Alberta’s sunshine list will not include salary information of Crown prosecutors

Lawyer Paul Moreau speaks to the media outside the Edmonton Law Courts Thursday, Jan. 30, 2014. Global News

EDMONTON – An Edmonton judge has put the brakes on the province’s plan to release the salary information of Alberta Crown prosecutors. The salaries were to be released on the province’s so-called sunshine list Friday.

Court of Queen’s Bench Judge Doreen Sulyma granted an interim injunction Thursday afternoon, ruling that publishing the information could jeopardize the prosecutors’ right to safety and security under the charter.

“Crown prosecutors undertake a lot of risks in the work that they do. They deal, often times, with dangerous people, people who are often motivated to do harm to Crown prosecutors,” explained Paul Moreau, the prosecutor’s lawyer. “The more information is out there in the public domain about a Crown prosecutor, the less secure they are.”

The Crown had argued prosecutors’ names and salary ranges are already public knowledge — available through the FOIP process — and adding the specific salaries would not cause any harm. 

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In December, the government announced that compensation — including salary, benefit and severance amounts — for government employees with base salaries above $100,000 would be publicly disclosed, with the first list to be released online Friday, Jan. 31.

READ MORE: Alberta brings in new salary reporting rules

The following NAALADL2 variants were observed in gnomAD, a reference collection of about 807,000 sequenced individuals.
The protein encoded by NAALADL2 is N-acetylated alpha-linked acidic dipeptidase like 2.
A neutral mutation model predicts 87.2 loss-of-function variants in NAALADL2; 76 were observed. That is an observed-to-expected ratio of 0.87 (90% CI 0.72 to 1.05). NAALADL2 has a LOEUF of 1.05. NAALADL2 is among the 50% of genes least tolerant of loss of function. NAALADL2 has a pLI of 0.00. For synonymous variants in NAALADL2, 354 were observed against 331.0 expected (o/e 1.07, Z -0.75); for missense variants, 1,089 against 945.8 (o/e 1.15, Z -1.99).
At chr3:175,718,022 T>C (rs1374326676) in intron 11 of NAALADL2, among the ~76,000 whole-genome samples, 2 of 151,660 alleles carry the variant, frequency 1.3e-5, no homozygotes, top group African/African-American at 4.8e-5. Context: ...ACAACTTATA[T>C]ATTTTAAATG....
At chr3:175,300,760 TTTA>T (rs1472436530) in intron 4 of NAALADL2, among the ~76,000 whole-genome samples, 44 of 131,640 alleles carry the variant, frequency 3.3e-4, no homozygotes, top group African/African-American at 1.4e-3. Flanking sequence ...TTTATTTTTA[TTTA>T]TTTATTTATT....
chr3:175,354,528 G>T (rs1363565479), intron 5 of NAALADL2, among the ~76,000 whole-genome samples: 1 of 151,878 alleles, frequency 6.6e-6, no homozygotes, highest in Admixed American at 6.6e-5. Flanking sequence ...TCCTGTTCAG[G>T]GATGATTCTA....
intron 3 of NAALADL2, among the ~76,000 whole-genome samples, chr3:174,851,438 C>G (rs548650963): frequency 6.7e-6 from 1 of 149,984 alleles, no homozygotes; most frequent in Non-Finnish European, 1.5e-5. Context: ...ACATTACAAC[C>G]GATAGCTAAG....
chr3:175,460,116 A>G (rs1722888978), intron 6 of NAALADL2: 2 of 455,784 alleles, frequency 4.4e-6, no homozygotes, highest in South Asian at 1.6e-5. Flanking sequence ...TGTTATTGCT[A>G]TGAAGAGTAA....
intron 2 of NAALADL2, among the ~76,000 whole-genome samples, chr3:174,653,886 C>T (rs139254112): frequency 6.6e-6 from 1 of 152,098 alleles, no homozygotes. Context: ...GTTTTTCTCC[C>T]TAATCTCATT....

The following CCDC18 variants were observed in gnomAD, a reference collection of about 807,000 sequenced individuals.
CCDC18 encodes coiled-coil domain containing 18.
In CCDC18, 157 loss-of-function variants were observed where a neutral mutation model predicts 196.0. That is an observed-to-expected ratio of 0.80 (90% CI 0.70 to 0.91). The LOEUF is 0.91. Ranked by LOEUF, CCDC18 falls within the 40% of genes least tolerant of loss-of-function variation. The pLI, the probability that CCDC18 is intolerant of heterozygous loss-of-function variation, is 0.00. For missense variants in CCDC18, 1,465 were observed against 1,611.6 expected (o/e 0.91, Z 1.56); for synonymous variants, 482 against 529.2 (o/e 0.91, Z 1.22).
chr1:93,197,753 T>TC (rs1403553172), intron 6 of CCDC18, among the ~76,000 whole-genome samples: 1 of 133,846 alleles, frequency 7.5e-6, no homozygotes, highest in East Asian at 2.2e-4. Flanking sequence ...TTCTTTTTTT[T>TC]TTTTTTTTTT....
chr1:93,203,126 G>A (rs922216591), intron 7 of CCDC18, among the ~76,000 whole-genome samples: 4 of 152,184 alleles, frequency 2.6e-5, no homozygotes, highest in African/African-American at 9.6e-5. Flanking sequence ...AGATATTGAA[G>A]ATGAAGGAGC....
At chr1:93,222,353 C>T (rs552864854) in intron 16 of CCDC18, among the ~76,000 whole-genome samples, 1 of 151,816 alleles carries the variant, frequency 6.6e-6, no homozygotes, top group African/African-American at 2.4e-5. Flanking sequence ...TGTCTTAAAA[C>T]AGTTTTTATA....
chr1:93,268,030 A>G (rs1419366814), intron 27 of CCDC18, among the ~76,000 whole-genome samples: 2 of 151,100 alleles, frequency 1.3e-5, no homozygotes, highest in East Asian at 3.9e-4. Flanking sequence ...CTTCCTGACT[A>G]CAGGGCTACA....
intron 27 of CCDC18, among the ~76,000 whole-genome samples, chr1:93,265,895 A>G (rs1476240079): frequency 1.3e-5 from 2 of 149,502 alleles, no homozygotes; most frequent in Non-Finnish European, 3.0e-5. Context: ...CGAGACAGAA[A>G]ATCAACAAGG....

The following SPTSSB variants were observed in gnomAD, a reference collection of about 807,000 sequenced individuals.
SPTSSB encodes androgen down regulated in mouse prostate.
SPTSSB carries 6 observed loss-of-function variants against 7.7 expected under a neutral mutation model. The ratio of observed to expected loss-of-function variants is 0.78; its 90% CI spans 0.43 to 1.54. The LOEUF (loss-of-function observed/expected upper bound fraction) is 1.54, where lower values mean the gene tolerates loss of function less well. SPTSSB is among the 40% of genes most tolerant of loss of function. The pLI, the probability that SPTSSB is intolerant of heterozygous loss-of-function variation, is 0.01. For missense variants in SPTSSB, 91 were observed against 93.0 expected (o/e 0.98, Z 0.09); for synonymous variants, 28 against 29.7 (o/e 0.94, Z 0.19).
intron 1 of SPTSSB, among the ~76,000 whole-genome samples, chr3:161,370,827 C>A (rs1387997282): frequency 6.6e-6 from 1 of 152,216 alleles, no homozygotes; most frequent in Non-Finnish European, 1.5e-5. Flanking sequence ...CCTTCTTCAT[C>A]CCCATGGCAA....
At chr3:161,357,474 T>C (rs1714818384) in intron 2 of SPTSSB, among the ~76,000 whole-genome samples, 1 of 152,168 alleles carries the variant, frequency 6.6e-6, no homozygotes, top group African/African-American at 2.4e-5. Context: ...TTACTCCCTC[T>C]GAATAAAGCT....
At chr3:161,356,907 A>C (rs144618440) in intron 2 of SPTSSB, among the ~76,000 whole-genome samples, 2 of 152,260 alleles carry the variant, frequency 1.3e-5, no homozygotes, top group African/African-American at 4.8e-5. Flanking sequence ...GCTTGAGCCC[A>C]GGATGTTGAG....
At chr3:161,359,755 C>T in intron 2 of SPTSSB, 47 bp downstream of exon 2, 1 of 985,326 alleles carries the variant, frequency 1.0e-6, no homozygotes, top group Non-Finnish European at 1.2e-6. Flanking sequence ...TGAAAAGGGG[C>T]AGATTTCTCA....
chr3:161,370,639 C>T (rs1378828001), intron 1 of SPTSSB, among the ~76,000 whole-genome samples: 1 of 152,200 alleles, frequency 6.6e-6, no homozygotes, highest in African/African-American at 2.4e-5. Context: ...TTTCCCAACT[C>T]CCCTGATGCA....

However, the government received a statement of claim Wednesday, notifying the province of a lawsuit filed by an unnamed Crown prosecutor. The identity of the lawyer is under a publication ban.

The person who filed the claim said the publication of prosecutors’ salaries would be a violation of prosecutorial independence and prosecutors could face harassment from organized crime as a consequence.

The Crown prosecutor asked for an immediate stay of publication of the list (specifically the prosecutors’ salaries), pending the outcome of the lawsuit.

The move to make public the salaries and benefits of the government’s top wage earners came at the request of Redford after her office refused a directive from the privacy commissioner to release details of severance paid to Redford’s former chief of staff, Stephen Carter.

Carter later said he was paid out $130,000 after being let go six months into his contract.

The injunction will remain in place until the case can be fully argued in court.

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With files from Vassy Kapelos, Global News and The Canadian Press.

This story was originally published Wednesday, Jan. 29, 2014. It was updated around 4:45 p.m. Thursday to include the judge’s decision. 

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